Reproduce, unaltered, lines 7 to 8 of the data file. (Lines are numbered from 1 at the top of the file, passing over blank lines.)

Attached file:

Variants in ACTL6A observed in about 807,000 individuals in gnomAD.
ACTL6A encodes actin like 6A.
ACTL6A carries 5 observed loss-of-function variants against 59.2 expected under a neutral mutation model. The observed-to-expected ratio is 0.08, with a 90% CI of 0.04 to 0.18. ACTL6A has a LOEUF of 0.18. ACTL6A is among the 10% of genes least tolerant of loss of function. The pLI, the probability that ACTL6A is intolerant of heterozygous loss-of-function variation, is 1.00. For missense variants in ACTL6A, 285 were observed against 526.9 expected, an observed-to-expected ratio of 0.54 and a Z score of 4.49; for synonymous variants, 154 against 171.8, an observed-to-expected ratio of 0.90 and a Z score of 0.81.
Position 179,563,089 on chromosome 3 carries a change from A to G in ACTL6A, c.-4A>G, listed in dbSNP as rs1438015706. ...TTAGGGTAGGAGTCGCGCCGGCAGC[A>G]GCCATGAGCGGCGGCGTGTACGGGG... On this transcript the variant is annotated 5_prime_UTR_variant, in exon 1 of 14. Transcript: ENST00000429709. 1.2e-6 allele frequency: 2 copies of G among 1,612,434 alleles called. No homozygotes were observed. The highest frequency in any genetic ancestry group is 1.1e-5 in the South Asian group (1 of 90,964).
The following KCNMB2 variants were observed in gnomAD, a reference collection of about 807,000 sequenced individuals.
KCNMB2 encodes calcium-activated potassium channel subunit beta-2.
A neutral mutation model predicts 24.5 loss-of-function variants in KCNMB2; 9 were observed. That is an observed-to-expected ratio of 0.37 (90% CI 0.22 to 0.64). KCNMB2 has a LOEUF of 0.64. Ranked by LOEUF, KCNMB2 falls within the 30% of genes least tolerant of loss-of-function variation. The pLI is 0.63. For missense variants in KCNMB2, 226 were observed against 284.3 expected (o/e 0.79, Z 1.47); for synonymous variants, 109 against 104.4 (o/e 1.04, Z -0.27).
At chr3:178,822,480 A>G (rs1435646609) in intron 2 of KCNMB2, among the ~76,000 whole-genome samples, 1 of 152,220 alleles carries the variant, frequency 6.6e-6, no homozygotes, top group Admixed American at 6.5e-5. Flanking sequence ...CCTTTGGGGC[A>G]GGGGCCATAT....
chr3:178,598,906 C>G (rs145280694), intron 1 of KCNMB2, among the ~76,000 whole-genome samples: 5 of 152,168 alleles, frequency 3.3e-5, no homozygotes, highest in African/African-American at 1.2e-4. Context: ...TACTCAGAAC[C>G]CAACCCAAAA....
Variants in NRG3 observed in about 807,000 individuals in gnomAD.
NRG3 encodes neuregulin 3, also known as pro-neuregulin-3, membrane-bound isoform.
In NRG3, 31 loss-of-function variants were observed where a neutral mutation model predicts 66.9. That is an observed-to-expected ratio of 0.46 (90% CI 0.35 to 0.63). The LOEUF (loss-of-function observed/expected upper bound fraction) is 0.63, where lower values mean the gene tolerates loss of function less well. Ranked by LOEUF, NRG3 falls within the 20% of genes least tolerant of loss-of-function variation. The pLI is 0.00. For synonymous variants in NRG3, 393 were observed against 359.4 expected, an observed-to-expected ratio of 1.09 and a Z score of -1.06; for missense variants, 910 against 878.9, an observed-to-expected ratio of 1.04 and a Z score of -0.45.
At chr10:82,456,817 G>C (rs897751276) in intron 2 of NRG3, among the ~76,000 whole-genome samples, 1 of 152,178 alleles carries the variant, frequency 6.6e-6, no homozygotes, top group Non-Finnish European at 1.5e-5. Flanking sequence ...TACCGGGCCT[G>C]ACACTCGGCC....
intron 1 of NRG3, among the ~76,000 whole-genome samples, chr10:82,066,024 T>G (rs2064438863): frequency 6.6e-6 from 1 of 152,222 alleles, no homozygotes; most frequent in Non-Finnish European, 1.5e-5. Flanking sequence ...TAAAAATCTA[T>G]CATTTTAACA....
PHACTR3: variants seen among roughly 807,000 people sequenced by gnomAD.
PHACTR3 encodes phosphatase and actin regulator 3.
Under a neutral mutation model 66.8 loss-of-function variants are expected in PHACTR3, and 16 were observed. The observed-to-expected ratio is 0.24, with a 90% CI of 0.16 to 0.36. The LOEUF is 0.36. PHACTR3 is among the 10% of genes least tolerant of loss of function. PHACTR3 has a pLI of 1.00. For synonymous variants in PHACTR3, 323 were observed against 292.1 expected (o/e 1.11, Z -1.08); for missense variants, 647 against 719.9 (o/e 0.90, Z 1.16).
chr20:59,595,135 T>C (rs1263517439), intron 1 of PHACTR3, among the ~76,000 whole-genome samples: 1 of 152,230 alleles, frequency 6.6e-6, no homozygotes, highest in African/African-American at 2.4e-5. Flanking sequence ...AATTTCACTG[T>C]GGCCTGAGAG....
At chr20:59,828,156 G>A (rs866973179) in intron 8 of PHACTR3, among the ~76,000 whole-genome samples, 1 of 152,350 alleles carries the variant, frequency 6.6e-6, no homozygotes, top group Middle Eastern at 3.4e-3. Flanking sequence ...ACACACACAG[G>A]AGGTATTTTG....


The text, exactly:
A neutral mutation model predicts 24.5 loss-of-function variants in KCNMB2; 9 were observed. That is an observed-to-expected ratio of 0.37 (90% CI 0.22 to 0.64). KCNMB2 has a LOEUF of 0.64. Ranked by LOEUF, KCNMB2 falls within the 30% of genes least tolerant of loss-of-function variation. The pLI is 0.63. For missense variants in KCNMB2, 226 were observed against 284.3 expected (o/e 0.79, Z 1.47); for synonymous variants, 109 against 104.4 (o/e 1.04, Z -0.27).
At chr3:178,822,480 A>G (rs1435646609) in intron 2 of KCNMB2, among the ~76,000 whole-genome samples, 1 of 152,220 alleles carries the variant, frequency 6.6e-6, no homozygotes, top group Admixed American at 6.5e-5. Flanking sequence ...CCTTTGGGGC[A>G]GGGGCCATAT....